Eating Disorders: What You Need to Know
- Emotional or Behavioral Disorders Defined
- Pica: Kids Eating Non-Food Items
- Developing Healthy Eating Behaviors
- Children and Adolescents With Mental, Emotional, and Behavioral Disorders
- Picky Eating: Childhood Phase or Deeper Issue?
- Healthy Eating for Kids and Teens
In a society where waifs rule and magazines herald a different fad diet every week, some kids view eating disorders as a small price to pay for fitting in. They’re wrong. Anorexia kills more than 10% of its victims, and bulimia 1%. Eating disorders also lead to depression and place enormous stress on families. Concerned that your child may be at risk? Here’s what you need to know.
“People with anorexia starve themselves to dangerously thin levels, at least 15% below their appropriate weight,” says Edward J. Cumella, Ph.D, CEDS, Executive Director of Remuda Programs for Eating Disorders in Wickenburg, Arizona. “People with bulimia binge uncontrollably on large amounts of food – sometimes thousands of calories at a time – and then purge the calories out of their bodies through vomiting, starving, excessive exercise, laxatives, or other methods. They are of normal weight or overweight.” Some anorexics also purge, but they are still underweight.
Not surprisingly, eating disorders disproportionately affect females. Only 10% of people with eating disorders are male. According to Cumella, the typical age of onset is between 14 and 18 – prime time for peer pressure, hazing, and low self-worth. Other red flags? Your child seems obsessed with weight and dieting, binges or follows a cycle of dieting and then overeating, heads to the bathroom after meals, is secretive about her eating or exercise habits, uses laxatives, or seems to feel depressed and out of control.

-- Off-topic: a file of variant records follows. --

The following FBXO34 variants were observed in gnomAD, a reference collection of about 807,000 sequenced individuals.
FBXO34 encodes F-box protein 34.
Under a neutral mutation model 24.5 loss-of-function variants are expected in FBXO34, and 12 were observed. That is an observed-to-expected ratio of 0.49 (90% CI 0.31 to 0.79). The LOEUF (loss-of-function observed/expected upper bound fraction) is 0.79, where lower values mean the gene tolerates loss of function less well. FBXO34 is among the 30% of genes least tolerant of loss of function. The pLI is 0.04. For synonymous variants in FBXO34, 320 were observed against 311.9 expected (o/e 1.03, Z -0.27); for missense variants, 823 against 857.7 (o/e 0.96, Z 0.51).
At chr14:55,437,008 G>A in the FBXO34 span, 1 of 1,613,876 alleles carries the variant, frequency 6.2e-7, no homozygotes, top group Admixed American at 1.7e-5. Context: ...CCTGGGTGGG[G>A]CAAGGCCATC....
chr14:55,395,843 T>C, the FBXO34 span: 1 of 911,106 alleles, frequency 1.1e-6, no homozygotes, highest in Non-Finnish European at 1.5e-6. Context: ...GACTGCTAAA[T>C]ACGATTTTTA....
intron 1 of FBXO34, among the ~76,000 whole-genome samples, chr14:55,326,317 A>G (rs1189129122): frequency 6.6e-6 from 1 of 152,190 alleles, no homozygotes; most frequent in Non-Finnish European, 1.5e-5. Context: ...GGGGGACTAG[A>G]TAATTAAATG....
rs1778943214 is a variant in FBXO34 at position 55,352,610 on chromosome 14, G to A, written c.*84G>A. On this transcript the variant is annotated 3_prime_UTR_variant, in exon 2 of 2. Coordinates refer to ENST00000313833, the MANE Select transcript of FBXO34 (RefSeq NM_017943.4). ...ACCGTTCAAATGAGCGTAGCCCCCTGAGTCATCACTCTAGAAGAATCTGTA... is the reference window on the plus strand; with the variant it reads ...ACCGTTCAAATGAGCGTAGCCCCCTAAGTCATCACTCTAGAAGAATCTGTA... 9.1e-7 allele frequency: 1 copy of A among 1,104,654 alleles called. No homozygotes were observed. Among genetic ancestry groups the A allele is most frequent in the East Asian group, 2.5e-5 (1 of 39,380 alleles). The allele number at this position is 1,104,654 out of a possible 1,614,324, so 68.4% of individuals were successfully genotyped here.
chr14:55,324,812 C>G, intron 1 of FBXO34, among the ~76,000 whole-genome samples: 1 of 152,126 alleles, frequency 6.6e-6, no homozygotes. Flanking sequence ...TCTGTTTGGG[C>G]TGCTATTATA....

If any of the above sounds familiar, don’t expect your child to admit the problem or appreciate your help. “Your child may feel extremely threatened by the thought of giving up the dysfunctional eating behavior,” warns Cumella. “Don’t believe your child’s claim that s/he does not need professional help.” Seek out a doctor specializing in eating disorders, and be ready to participate in family counseling if requested. “Be patient,” adds Cumella. “Treatment takes time; recovery may take months or years and involve relapses.”
The good news? When eating disorders are caught early, the prognosis is good, and while there’s no vaccine against them, there are steps you can take to protect your children. Model healthy, moderate eating for your children, and trust their hunger signals – don’t force them to eat “one more bite” or tell them to stop eating when they’re still hungry. Don’t critique people’s weight or talk about dieting. Be the reality check; point out that thin celebrities often lead sad lives, that most diets fail, and that people of all shapes and sizes tend to be healthiest and happiest when leading lives of balance and moderation. Most importantly, make it clear that you value your children for who they are, not for what they weigh.
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